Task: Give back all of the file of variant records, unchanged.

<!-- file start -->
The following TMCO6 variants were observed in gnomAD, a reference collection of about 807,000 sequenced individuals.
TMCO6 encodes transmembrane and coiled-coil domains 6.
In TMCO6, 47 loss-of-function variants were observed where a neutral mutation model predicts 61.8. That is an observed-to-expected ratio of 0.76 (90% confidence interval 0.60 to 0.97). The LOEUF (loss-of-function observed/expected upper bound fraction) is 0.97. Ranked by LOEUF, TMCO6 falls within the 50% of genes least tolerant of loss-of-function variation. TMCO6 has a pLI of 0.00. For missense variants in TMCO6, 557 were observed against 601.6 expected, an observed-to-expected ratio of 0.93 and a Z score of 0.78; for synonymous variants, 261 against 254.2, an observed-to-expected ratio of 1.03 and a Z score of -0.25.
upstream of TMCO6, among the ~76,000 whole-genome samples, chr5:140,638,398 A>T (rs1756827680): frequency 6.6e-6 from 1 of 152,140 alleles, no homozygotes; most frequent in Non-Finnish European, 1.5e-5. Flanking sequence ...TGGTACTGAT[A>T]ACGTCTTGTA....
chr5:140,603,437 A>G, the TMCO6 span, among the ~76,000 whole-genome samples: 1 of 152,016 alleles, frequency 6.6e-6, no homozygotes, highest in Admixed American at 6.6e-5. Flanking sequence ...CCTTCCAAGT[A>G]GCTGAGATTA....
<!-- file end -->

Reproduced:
The following TMCO6 variants were observed in gnomAD, a reference collection of about 807,000 sequenced individuals.
TMCO6 encodes transmembrane and coiled-coil domains 6.
In TMCO6, 47 loss-of-function variants were observed where a neutral mutation model predicts 61.8. That is an observed-to-expected ratio of 0.76 (90% confidence interval 0.60 to 0.97). The LOEUF (loss-of-function observed/expected upper bound fraction) is 0.97. Ranked by LOEUF, TMCO6 falls within the 50% of genes least tolerant of loss-of-function variation. TMCO6 has a pLI of 0.00. For missense variants in TMCO6, 557 were observed against 601.6 expected, an observed-to-expected ratio of 0.93 and a Z score of 0.78; for synonymous variants, 261 against 254.2, an observed-to-expected ratio of 1.03 and a Z score of -0.25.
upstream of TMCO6, among the ~76,000 whole-genome samples, chr5:140,638,398 A>T (rs1756827680): frequency 6.6e-6 from 1 of 152,140 alleles, no homozygotes; most frequent in Non-Finnish European, 1.5e-5. Flanking sequence ...TGGTACTGAT[A>T]ACGTCTTGTA....
chr5:140,603,437 A>G, the TMCO6 span, among the ~76,000 whole-genome samples: 1 of 152,016 alleles, frequency 6.6e-6, no homozygotes, highest in Admixed American at 6.6e-5. Flanking sequence ...CCTTCCAAGT[A>G]GCTGAGATTA....